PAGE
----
Yvonne: In 2006, when I was gearing up to start my grad program in public health, I participated in the Miss Nigeria in America. Two weeks before the pageant, they sent me a form asking, “what’s your talent?” I didn’t have one. I stopped playing the piano when I was a kid. I prayed and all I heard back was “comedy.” I was skeptical, thinking back to the feelings of rejection during elementary and middle school. Comedy felt like a surefire way to end up in that same place again after years of healing my self-esteem. But then I remembered sneaking into my parents’ room when we were kids and watching Def Comedy Jam and seeing all the setups and punch lines. So I decided to make a five-minute routine about being Nigerian in America.

When you first got into comedy, what was your family’s reaction?

Yvonne: My mom came to the pageant where she was surrounded by younger and older Nigerian generations who were actually laughing at my jokes. I didn’t do comedy again until a couple of months later when I participated in DC’s Funniest College Students ⎯ and won for my school. Part of winning entailed me going on to compete at DC Improv. My parents came to that as well. It was a very different environment. They didn’t know who was sitting next to them. The audience was made up of people from different cultures, but they still thought I was funny. My parents asked me “why are you airing our dirty laundry?” so that part was not well-received, but doing something on a mainstream platform made them actually see that I maybe had a talent.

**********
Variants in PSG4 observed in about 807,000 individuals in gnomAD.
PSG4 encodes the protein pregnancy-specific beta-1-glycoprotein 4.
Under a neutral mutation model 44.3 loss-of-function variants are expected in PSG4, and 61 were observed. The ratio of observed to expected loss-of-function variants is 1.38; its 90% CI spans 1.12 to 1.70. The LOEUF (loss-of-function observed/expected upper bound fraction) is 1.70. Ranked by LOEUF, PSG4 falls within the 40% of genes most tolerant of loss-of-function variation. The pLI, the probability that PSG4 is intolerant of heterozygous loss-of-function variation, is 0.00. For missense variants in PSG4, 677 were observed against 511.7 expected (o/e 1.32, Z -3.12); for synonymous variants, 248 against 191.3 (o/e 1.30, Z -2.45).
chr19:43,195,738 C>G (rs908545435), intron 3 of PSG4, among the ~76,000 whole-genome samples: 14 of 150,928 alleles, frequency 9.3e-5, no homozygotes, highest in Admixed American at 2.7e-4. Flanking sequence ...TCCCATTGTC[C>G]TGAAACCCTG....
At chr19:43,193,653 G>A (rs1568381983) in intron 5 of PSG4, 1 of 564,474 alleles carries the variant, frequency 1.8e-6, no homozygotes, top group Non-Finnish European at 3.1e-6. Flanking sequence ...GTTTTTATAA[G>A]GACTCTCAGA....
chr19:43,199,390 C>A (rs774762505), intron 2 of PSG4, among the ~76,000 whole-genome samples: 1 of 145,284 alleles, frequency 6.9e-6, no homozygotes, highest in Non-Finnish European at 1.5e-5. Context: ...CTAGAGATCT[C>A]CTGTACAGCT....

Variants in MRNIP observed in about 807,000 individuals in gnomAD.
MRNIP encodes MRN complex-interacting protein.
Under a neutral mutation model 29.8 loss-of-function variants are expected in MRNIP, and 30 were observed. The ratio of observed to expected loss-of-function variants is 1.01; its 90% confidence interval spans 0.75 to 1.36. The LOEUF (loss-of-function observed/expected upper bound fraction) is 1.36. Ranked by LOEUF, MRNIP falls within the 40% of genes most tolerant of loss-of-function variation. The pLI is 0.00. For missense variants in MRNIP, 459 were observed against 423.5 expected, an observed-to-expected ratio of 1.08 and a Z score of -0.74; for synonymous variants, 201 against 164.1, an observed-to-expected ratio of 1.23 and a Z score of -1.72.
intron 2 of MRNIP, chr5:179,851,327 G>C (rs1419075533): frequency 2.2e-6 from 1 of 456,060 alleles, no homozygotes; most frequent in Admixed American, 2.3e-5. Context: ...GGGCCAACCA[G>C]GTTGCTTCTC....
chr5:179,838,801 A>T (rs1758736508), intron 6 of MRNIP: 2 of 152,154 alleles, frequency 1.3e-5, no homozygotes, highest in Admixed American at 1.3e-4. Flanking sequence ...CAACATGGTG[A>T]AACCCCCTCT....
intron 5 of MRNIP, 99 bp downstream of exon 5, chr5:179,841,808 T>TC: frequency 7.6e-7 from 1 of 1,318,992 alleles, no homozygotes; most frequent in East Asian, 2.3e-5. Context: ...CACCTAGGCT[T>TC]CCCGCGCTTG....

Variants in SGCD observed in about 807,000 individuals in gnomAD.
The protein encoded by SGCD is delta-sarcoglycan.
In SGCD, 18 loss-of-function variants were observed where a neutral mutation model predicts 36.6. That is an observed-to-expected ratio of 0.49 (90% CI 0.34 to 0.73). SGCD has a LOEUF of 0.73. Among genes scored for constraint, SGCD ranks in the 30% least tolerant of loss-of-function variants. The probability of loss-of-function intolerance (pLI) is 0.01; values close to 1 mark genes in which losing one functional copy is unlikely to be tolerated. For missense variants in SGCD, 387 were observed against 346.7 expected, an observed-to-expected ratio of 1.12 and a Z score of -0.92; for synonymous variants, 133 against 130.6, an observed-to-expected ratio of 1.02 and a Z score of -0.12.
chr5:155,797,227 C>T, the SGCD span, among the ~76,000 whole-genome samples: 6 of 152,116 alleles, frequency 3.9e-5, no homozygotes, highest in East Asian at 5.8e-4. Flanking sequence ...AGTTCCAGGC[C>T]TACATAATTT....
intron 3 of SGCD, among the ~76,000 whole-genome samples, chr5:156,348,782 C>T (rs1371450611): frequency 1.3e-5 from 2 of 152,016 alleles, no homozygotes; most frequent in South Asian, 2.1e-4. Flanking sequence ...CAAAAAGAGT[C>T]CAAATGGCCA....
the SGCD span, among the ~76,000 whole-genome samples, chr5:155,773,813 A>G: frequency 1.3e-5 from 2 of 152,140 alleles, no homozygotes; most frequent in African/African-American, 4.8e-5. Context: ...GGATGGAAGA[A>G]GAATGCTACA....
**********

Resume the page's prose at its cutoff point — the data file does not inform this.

At the same time, they saw it as a hobby. They questioned whether or not I could make a living out of it. Having their thoughts at the back of my mind made me hesitate for a while. I had been the good kid for so long ⎯ the one who was supposed to be a doctor.

Shortly after those competitions, I went to Liberia for a few months to work, but I knew my contract was going to expire and that my job wasn’t guaranteed. When I came back to the States, there was a recession. No one had a job, which made a perfect segue. So I told them I was going to go to New York to explore this comedy thing.

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When did the idea for First Gen start?

Yvonne: When I moved to New York, there was a group that was calling for women performers from first-generation backgrounds. They were forming an all-female play called the First Generation Project. We each wrote our stories and performed them. I did comedic pieces, but there was a girl who talked about being a lesbian. There was a girl who was half-white, half-African but never met her Nigerian father. Different people had different stories. There was good, bad, and in the middle. It was interesting to see the relationships people had with their visceral culture. 

In 2011, after I moved to LA and started working on TV One’s Love That Girl, the germination process for First Gen finally started. But after Love That Girl ended and I was staring being broke and depression in the face, I asked God, “what is in my hands?” And I saw “First Gen” in my hands. I started talking to friends who were writers, who gave me suggestions and that just changed everything. I decided to have a table read ⎯ and it went well. I decided I had to shoot something in 2015. I wasn’t going to wait for people to give me the opportunity. I was going to make it.

How did you go about securing funding to film the trailer?